People News Roundup: Ghislaine Maxwell's sex crimes trial in New York delayed until fall; Kevin Spacey accuser cannot sue anonymously, judge rules and more
U.S. District Judge Lewis Kaplan said on Monday that Spacey's fame "magnified" the public's legitimate interest in knowing the identity of the plaintiff, known as "C.D."
Following is a summary of current people news briefs.
Ghislaine Maxwell's sex crimes trial in New York delayed until fall
A U.S. judge on Monday granted Ghislaine Maxwell's request to delay her trial on charges she procured teenage girls for the late financier Jeffrey Epstein to sexually abuse, and said the trial will begin in the fall. U.S. District Judge Alison Nathan in Manhattan said a "short" postponement of the scheduled July 12 trial was appropriate because federal prosecutors added new charges to the case, and COVID-19 protocols made trial preparation harder.
Meghan, Britain's Duchess of Sussex, is to publish a children's book next month titled "The Bench" about the relationship between a father and son based on her husband Prince Harry and the couple's child Archie, the publisher said on Tuesday. The book is the latest venture by Meghan and Harry, Queen Elizabeth's grandson, since they stepped down from royal duties and moved to Los Angeles last year with Archie, who celebrates his second birthday later this week.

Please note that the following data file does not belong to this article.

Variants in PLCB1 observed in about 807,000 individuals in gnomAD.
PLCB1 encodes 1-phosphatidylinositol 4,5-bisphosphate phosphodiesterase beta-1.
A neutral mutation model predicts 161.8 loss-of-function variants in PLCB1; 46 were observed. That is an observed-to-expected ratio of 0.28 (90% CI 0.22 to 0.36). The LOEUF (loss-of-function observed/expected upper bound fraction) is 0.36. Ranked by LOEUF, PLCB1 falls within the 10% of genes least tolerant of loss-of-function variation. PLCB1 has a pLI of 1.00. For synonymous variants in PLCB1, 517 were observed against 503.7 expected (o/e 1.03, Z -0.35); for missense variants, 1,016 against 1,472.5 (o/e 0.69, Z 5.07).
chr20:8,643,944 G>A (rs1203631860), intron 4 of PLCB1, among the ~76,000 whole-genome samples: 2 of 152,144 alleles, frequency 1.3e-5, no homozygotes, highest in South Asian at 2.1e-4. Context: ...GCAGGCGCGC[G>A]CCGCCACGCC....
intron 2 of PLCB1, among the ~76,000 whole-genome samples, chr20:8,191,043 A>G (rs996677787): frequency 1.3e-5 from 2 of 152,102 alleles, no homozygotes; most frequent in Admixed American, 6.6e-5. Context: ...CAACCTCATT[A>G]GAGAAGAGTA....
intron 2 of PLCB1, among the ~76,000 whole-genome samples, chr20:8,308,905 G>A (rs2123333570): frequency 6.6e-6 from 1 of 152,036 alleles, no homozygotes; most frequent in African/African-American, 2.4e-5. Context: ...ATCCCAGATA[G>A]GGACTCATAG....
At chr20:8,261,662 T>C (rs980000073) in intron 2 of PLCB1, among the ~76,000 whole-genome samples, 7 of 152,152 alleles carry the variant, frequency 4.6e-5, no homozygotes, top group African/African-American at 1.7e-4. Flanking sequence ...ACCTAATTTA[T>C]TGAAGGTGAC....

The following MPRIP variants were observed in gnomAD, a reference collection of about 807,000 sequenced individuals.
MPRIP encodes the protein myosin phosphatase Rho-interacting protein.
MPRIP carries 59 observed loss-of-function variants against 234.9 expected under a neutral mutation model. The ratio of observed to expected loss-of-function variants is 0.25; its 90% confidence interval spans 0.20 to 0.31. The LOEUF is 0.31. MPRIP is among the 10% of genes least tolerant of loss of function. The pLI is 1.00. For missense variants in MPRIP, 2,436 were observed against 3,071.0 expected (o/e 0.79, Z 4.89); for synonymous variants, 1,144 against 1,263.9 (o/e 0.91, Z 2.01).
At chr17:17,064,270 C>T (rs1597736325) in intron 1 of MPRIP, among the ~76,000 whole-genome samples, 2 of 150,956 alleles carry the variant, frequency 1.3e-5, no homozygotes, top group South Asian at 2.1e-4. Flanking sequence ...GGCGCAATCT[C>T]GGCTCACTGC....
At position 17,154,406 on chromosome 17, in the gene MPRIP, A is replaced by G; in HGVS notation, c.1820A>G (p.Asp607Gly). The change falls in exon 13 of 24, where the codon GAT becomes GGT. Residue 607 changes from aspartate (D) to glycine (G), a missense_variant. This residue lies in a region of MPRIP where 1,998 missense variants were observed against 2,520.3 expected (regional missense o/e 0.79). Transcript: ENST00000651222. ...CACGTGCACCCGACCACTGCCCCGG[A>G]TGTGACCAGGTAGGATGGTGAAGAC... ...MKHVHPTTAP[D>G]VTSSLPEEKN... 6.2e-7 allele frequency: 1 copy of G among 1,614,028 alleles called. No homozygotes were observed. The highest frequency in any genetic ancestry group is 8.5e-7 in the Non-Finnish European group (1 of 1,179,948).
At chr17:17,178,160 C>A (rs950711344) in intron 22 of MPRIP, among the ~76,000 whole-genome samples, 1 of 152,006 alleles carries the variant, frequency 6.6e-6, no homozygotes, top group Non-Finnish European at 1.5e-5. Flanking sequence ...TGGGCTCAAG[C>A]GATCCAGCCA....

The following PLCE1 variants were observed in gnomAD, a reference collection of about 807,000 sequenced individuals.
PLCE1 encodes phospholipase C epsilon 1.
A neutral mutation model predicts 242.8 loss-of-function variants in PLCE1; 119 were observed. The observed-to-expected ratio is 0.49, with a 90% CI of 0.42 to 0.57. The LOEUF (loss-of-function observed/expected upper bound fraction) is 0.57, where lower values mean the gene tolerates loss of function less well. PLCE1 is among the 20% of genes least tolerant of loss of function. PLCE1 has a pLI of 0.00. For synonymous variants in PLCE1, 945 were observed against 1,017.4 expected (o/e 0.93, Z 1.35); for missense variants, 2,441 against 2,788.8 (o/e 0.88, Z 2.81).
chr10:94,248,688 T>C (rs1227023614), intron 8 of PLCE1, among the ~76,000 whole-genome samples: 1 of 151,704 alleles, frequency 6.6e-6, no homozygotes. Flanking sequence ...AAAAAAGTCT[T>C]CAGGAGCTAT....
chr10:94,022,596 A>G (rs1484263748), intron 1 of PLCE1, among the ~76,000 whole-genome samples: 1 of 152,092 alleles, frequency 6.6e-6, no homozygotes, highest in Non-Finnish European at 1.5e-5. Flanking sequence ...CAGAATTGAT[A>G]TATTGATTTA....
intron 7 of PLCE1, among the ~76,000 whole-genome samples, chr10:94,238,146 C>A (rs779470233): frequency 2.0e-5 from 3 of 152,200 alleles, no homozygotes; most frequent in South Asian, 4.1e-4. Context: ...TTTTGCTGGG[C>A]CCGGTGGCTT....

Bill and Melinda Gates to divorce, but charitable foundation to remain intact
Billionaire benefactors Bill and Melinda Gates, co-founders of one of the world's largest private charitable foundations, filed for divorce on Monday after 27 years of marriage but pledged to continue their philanthropic work together. The Bill & Melinda Gates Foundation has become one of the most powerful and influential forces in global public health, spending more than $50 billion over the past two decades to bring a business approach to combating poverty and disease.
Kevin Spacey accuser cannot sue anonymously, judge rules
A man who said he was sexually assaulted at age 14 by the actor Kevin Spacey in the 1980s must identify himself if he is to continue his $40 million civil lawsuit against the Oscar winner, a federal judge ruled. U.S. District Judge Lewis Kaplan said on Monday that Spacey's fame "magnified" the public's legitimate interest in knowing the identity of the plaintiff, known as "C.D."
(With inputs from agencies.)